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    Volume 48, Issue 5 (September 2020)

    Understanding Soil Surface Water Content Using Light Reflection Theory: A Novel Color Analysis Technique Considering Variability in Light Intensity

    (Received 9 May 2018; accepted 1 August 2018)

    Published Online: 2020

    CODEN: JTEVAB

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    Abstract

    Accurate measurement of soil surface water content is vital for analyzing evaporation, partition of solar radiation, infiltration, and runoff. Color analysis of soil has already been found to be a nonintrusive, economical, and feasible approach for the measurement of surface water content. However, color contrast within the soil domain was rarely considered in color analysis approaches demonstrated by previous researchers. This color contrast occurs because of the spatial heterogeneity of light intensity in the soil domain. This study aims to demonstrate and validate a new color analysis technique for overcoming the shortcomings of previous approaches. Six series of tests were conducted to analyze the color of red soil at various surface water contents. In addition, six measured dry densities on the compaction curve were selected for validation of the proposed color analysis technique. Soil has been compacted by hand to the desired state of compaction in a small mold. Images of soil samples were captured using a commercially available camera model (NIKON COOLPIX L29, Nikon, Tokyo, Japan). The brightness variation of soil samples was quantified using the change in mean gray value of the images. A white paper was placed below the mold to consider color contrast within the soil samples. Mean gray values of all test samples were obtained using a public domain image processing program called ImageJ. Color contrast within the soil samples was equalized with respect to reference locations considered on the white paper. Mean gray value was found to decrease with the increase in surface water content. Decrement in mean gray value was found to be more significant (i.e., 14–27 %) in saturation and desaturation zones of soil water characteristic curves (SWCCs) as compared to that in the residual zone (i.e., 3–9 %) with a 3–4 % increase in surface water content. A correlation between mean gray value and surface water content was established for the red soil.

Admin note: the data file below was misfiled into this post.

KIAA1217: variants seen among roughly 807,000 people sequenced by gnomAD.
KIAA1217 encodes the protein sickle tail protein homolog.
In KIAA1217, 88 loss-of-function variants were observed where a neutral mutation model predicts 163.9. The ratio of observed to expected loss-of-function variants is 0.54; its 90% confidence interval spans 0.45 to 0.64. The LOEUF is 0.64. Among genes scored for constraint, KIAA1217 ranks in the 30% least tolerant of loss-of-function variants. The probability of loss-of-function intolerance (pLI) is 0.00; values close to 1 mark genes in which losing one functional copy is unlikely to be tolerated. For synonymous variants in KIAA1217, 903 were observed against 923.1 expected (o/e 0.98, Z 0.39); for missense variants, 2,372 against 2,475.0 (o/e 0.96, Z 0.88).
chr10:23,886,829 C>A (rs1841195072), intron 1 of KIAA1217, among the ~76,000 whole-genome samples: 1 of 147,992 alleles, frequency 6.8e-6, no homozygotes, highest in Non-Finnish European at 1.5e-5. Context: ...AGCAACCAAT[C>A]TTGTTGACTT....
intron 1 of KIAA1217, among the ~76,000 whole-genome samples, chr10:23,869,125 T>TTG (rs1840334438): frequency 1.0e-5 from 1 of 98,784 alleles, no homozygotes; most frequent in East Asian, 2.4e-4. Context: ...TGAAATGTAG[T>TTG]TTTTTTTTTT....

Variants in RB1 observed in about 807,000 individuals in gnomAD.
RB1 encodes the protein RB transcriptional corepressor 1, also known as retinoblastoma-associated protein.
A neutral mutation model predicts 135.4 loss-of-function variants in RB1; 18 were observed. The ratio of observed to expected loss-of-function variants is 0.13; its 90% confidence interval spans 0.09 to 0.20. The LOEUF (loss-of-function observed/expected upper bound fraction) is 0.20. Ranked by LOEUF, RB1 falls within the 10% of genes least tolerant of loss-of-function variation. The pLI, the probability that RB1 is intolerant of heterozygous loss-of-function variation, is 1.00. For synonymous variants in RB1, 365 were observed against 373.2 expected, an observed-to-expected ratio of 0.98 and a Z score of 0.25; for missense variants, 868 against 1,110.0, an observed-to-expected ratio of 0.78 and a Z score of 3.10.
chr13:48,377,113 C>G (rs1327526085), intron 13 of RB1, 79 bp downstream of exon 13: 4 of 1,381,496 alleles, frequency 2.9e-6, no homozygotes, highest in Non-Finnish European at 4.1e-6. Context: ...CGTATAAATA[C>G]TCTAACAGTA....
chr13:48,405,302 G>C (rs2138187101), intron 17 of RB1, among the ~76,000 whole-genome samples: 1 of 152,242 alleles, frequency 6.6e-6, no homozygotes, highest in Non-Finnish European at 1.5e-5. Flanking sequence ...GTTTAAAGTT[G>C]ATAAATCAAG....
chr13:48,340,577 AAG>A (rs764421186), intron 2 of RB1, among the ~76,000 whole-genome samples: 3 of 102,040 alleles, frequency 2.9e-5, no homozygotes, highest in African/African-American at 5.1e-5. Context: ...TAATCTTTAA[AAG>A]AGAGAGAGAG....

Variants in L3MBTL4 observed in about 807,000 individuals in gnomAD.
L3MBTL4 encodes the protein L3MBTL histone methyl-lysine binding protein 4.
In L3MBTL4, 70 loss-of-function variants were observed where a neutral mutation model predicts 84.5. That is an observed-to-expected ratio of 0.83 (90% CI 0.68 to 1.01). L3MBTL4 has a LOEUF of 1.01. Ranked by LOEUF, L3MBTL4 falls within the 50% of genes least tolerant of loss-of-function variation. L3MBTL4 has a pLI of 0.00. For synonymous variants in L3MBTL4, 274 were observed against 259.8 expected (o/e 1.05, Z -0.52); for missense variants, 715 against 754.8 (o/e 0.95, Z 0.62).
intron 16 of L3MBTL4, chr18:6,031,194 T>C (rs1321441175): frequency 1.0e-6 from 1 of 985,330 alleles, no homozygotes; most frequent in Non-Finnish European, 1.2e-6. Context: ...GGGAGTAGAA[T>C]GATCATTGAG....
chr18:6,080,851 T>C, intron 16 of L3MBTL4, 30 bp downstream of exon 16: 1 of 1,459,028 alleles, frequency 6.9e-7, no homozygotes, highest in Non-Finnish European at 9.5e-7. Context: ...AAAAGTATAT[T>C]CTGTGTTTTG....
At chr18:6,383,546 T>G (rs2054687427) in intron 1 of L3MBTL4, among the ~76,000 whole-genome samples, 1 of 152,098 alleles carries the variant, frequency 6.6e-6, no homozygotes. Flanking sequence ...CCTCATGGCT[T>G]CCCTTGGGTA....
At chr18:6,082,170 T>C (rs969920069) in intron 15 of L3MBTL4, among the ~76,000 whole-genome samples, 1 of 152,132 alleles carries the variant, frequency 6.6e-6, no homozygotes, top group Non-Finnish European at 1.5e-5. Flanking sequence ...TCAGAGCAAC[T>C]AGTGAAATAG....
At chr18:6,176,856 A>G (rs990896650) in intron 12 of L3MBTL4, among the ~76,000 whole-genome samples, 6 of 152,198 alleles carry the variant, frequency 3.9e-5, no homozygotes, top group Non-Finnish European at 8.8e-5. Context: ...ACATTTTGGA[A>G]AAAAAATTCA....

Author Information:

    Gadi, Vinay Kumar
    Department of Civil Engineering, Indian Institute of Technology Guwahati, Guwahati,

    Garg, Ankit
    Department of Civil and Environmental Engineering, Shantou University, Shantou,

    Manogaran, Indu Priya
    Department of Civil Engineering, Indian Institute of Technology Guwahati, Guwahati,

    Sekharan, Sreedeep
    Department of Civil Engineering, Indian Institute of Technology Guwahati, Guwahati,

    Zhu, Hong-Hu
    Department of Earth Sciences and Engineering, Nanjing University, Nanjing,


    Stock #: JTE20180320

    ISSN:0090-3973

    DOI: 10.1520/JTE20180320

    Author
    Title Understanding Soil Surface Water Content Using Light Reflection Theory: A Novel Color Analysis Technique Considering Variability in Light Intensity
    Symposium ,
    Committee D18